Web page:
Preferably, these orientation features simultaneously interact with mating orientation features of the housing or with parts of the housing which prevent an attachment of the cap. By the simultaneous interaction of many orientation features a maximum counterforce can be achieved when a user tries to attach the cap in a wrong orientation.

In a preferred embodiment, several orientation features are located at the same axial position and at an angular offset relative to the longitudinal axis.

In this case, the misplacement of the cap can be prevented efficiently even if a clearance between the inside diameter of the cap and the outside diameter of the housing exists. If only one orientation feature was present at a certain position about the longitudinal axis, there would be a high risk that the cap would be assembled on the housing off axis without the orientation feature preventing the full assembly. However, in the case that several orientation features, e.g. two diametrically opposed orientation features, are provided at certain positions, these may prevent the assembly unless the correct orientation is found.

In a preferred embodiment, several orientation features are located equiangular around the longitudinal axis of the device.

In this case, due to the symmetry, several orientations of the cap relative to the housing may be allowed. In order to allow only one single orientation, some of the orientation features may be located at other positions of the cap. When placing several orientation features at equiangular positions, either all or none of these orientation features interact with mating orientation features. Thereby, a maximum counterforce is exerted when a user tries to assemble the cap in the wrong orientation. In a preferred embodiment, the cap comprises three orientation features which are located at equiangular positions around the longitudinal axis.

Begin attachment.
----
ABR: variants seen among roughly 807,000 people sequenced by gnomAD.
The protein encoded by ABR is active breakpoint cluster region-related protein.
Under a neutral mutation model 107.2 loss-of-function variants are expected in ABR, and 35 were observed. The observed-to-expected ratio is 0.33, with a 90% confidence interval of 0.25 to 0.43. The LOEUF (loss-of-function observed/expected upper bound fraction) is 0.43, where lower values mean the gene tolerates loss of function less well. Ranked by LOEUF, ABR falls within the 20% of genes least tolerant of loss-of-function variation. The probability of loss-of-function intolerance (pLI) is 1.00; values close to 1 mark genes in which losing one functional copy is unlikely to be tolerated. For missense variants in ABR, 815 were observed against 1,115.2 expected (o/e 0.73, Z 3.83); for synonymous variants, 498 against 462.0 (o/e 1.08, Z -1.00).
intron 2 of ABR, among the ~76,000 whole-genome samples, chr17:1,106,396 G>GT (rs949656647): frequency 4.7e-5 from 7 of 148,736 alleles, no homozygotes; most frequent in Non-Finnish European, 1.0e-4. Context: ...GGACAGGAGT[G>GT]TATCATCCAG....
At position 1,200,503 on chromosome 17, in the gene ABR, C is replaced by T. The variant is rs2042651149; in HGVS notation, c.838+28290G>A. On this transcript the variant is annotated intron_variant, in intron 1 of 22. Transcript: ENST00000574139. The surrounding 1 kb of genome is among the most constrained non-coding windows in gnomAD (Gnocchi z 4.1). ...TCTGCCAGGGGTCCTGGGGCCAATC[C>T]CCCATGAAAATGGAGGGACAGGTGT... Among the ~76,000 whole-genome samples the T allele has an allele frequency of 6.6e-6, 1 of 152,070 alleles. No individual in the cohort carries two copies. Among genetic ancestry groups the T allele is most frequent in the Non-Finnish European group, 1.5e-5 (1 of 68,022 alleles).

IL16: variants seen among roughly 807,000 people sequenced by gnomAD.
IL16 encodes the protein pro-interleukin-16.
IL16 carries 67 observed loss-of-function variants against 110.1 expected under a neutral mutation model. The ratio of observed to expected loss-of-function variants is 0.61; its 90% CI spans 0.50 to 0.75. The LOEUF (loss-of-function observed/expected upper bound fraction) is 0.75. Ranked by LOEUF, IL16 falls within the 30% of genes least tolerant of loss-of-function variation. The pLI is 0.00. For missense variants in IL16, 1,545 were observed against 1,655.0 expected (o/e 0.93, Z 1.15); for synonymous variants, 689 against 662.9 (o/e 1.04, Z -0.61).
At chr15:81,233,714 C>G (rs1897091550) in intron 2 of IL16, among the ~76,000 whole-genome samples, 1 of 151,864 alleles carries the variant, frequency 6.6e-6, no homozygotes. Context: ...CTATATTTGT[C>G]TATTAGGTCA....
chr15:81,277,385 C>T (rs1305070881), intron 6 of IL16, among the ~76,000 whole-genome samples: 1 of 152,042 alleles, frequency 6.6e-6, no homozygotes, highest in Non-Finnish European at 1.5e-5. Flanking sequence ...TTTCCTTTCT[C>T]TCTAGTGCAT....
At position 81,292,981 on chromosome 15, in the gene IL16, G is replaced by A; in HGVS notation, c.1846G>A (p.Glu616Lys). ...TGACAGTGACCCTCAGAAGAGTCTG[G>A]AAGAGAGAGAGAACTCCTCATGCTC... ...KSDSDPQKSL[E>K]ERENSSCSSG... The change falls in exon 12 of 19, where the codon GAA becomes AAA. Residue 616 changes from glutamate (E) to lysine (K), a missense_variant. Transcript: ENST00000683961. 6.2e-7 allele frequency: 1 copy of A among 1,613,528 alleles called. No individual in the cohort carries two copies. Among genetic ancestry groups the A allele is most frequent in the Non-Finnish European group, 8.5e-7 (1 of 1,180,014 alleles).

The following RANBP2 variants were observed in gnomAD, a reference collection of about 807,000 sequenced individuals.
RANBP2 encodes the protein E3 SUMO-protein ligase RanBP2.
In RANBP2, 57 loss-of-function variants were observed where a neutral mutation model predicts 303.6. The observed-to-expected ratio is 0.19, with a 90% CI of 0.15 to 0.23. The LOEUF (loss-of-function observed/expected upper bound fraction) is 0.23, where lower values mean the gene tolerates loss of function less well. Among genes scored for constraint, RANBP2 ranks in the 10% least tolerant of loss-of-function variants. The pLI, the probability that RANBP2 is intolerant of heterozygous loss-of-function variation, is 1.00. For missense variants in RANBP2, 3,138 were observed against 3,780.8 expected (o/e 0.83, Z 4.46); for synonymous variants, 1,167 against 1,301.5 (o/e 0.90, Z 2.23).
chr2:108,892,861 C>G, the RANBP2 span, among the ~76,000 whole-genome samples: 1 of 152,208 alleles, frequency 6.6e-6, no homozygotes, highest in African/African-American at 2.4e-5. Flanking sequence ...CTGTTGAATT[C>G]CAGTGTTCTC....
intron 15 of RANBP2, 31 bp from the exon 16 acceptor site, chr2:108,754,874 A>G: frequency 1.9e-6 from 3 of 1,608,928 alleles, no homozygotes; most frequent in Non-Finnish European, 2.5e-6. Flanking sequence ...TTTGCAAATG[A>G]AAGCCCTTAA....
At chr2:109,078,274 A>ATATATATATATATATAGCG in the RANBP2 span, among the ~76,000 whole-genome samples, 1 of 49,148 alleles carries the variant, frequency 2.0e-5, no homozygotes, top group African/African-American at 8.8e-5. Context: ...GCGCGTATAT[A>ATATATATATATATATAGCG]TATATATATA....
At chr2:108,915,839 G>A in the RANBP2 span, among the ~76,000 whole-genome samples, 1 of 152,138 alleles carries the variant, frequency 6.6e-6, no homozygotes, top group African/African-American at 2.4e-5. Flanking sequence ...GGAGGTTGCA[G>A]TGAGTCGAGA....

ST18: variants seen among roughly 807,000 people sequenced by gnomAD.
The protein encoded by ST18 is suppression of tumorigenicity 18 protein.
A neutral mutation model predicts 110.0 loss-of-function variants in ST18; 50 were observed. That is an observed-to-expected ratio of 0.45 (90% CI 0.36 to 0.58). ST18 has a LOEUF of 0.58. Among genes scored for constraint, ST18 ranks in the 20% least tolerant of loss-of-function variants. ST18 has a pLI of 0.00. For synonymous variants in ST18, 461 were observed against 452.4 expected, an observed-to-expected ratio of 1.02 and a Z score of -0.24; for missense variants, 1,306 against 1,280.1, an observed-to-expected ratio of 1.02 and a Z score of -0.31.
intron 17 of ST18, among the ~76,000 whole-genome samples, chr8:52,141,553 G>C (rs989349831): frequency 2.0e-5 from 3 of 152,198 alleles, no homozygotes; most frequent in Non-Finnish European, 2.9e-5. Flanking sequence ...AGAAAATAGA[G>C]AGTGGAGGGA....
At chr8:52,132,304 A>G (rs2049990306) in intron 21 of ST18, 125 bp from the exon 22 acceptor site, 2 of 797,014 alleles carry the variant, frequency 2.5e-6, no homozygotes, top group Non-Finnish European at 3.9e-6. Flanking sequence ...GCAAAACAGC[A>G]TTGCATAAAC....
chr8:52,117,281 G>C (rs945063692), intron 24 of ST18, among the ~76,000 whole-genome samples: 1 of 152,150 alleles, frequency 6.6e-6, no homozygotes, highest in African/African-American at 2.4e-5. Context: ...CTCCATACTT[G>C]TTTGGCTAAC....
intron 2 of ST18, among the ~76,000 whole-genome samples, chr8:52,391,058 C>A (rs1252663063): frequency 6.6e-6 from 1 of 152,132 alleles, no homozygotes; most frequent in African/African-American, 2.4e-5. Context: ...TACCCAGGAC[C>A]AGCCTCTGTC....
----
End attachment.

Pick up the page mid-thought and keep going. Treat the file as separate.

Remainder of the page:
In one embodiment, the mating orientation features on the housing comprise a lead-in to assist the assembly of the cap and the housing in the correct orientation.

Thereby, the cap may be guided into the right orientation when a user tries to assemble the cap onto the housing in an orientation slightly deviating from the right orientation. The lead-in may also allow a twisting off of the cap from the housing.

In one embodiment, the cap comprises at least one orientation feature which is located at the open end of the cap in addition to one or more orientation features at the rigid, closed end of the cap.

The sum of the orientation features which are arranged at a rigid part of the cap and the orientation features arranged at the open end of the cap may define a single orientation of the cap on the housing.

As an example, the end face at the open end of the cap comprises at least one protrusion. In a preferred embodiment, the end face of the cap comprises two protrusions which are located at equiangular positions around the longitudinal axis. Here, two possible orientations of the cap are allowed. However, in combination with orientation features at the rigid part of the cap, only a single orientation is possible.

Preferably, at least one orientation feature at the rigid part of the cap is located such that the snap feature at the cap does not fully reach a mating snap feature at the housing before the right orientation has been found.